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Demand for Lean, Green Business Technology

According to a recent market study by Datamonitor, the current global economic recession may also prove to be a significant driver for Green Computing. Their market assessment raises lots of questions -- including, is it better for the world, and overall business profitability, if executives cut-back on their IT investments?

"The global economic recession has spurred a paradigm shift in the way organizations evaluate, budget for and deploy green IT," says Rhonda Ascierto, senior analyst at Datamonitor. "The downturn has also resulted in green IT trends for datacenters, client devices and asset lifecycle management, as well as re-shaped return on investment (ROI) models."

Datamonitor believes green IT that's intended to eliminate the need for capital expenditure -- such as datacenter virtualization, facility design and asset lifecycle management -- has become very important, especially as IT budgets are trimmed.

Lean and Green in 2009
Their research uncovered that lean IT budgets will likely be the norm in 2009, and that organizations will predominately seek green IT solutions because they're cost-effective. This represents a significant market trend, in their opinion.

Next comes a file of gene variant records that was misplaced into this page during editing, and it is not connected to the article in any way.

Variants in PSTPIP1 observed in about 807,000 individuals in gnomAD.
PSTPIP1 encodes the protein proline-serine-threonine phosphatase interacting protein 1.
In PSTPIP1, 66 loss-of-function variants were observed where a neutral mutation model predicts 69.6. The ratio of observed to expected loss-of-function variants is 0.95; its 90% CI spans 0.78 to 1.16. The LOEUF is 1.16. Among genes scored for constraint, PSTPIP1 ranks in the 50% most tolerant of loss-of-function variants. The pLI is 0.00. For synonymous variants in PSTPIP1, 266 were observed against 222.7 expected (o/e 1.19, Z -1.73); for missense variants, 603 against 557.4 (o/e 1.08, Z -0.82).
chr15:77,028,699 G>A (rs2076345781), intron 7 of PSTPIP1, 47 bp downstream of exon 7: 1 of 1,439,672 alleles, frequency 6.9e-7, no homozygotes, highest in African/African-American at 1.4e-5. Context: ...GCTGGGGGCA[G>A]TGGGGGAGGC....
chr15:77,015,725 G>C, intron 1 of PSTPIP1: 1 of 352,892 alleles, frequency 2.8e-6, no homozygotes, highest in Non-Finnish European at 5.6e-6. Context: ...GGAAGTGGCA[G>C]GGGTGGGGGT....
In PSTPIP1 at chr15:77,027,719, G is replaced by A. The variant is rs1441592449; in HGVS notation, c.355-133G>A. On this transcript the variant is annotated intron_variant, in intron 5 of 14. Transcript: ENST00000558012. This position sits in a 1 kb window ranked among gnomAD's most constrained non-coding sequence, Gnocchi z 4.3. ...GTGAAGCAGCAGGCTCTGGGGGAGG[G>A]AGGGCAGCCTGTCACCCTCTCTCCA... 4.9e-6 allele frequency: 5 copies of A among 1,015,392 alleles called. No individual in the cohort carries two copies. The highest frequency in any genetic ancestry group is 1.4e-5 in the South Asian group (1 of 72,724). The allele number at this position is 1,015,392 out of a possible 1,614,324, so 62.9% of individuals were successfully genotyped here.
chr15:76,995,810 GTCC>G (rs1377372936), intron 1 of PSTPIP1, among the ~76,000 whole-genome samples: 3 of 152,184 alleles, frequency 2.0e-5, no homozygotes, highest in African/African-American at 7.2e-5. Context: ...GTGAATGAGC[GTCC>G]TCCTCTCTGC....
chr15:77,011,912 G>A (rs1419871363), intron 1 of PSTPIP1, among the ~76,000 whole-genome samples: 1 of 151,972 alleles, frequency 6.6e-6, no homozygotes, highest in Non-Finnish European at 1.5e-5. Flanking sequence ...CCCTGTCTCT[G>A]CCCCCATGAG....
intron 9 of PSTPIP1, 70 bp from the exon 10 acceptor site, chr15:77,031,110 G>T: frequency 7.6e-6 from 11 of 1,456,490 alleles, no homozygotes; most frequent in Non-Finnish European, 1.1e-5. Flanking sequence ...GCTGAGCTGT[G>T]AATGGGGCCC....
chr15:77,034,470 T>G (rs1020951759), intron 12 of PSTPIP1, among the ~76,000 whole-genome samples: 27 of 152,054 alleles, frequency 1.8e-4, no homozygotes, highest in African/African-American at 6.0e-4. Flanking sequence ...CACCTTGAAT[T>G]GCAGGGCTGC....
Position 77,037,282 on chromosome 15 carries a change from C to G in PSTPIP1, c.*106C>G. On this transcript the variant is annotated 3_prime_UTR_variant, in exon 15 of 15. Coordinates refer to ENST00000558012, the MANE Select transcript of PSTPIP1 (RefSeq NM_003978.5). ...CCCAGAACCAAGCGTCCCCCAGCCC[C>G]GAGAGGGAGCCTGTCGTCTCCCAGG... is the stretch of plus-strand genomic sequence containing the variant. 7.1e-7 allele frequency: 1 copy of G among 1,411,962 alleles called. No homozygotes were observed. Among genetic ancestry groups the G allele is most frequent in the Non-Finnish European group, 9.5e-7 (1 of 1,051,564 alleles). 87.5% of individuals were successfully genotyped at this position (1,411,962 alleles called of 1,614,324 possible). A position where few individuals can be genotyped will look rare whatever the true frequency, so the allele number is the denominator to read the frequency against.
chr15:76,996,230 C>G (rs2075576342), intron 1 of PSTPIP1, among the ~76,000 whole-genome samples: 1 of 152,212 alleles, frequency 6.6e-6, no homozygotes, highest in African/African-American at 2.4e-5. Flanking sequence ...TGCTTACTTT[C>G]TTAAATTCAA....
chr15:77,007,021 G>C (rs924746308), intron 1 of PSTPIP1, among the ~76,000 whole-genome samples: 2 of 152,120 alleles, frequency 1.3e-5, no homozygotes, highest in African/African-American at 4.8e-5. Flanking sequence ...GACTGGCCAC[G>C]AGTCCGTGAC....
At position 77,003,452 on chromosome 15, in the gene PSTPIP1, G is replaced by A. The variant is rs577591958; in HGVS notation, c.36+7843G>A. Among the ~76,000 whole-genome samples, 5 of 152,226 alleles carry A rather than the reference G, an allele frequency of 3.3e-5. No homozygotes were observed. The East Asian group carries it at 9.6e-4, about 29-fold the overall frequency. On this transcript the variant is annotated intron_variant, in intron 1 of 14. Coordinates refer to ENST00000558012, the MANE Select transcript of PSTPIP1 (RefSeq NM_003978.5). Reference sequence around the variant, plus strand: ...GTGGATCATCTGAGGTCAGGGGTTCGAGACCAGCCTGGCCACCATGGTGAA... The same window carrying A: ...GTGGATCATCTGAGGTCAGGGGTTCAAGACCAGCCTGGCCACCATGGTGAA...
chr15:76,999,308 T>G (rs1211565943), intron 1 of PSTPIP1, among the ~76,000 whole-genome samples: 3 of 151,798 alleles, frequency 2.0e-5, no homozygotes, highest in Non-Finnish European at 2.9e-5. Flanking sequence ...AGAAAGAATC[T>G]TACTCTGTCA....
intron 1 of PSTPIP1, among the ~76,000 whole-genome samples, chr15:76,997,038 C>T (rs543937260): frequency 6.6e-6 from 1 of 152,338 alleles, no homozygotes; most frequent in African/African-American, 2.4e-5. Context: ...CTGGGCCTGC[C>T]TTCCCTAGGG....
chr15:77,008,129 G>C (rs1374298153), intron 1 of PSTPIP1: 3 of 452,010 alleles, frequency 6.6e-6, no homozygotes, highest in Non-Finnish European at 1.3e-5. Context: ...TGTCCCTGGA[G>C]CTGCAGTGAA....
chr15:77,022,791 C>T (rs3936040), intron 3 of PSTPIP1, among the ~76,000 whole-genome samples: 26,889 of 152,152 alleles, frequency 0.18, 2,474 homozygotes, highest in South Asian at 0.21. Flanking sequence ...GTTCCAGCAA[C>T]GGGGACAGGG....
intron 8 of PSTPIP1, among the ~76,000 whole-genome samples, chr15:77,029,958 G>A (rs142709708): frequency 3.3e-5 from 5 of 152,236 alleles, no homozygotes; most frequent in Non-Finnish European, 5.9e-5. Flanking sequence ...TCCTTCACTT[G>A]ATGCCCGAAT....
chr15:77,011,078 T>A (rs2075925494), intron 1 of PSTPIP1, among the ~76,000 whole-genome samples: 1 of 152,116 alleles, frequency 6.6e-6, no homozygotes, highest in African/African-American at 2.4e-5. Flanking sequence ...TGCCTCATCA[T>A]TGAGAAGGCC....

Green ROI models are becoming compulsory and shorter. In order for green IT vendors to satisfy these new ROI requirements, they're being forced to develop more efficient solutions. However, when it comes to new IT equipment investments, if "less" is more, then "none" can be even better.

Business technology budget constraints force CIOs and IT managers to think beyond legacy approaches to a current problem. As a result, organizations that face critical datacenter limitations are already considering alternatives to building new datacenters or upgrading existing facilities.

Alternatives to IT Capital Investment
Those alternatives include IT leasing, managed services, virtualization software, cloud computing and software-as-a-service (SaaS). Datamonitor believes datacenter resources will increasingly be hosted in a cloud-based environment, which should -- at least theoretically, they say -- fall under the green IT banner.

Clearly, it really doesn't matter what you call your own concerted plan to reduce and contain operating expenses -- in contrast, what matters most is that you take appropriate action now.

Perhaps you're still wondering if the selective out-tasking of business technology is something that your executive team should act upon. If so, you might consider also reading the recent editorial in a mainstream business magazine entitled "The IT Companies Shouldn't Buy" and then ask yourself some of the same fundamental questions about your own business strategy.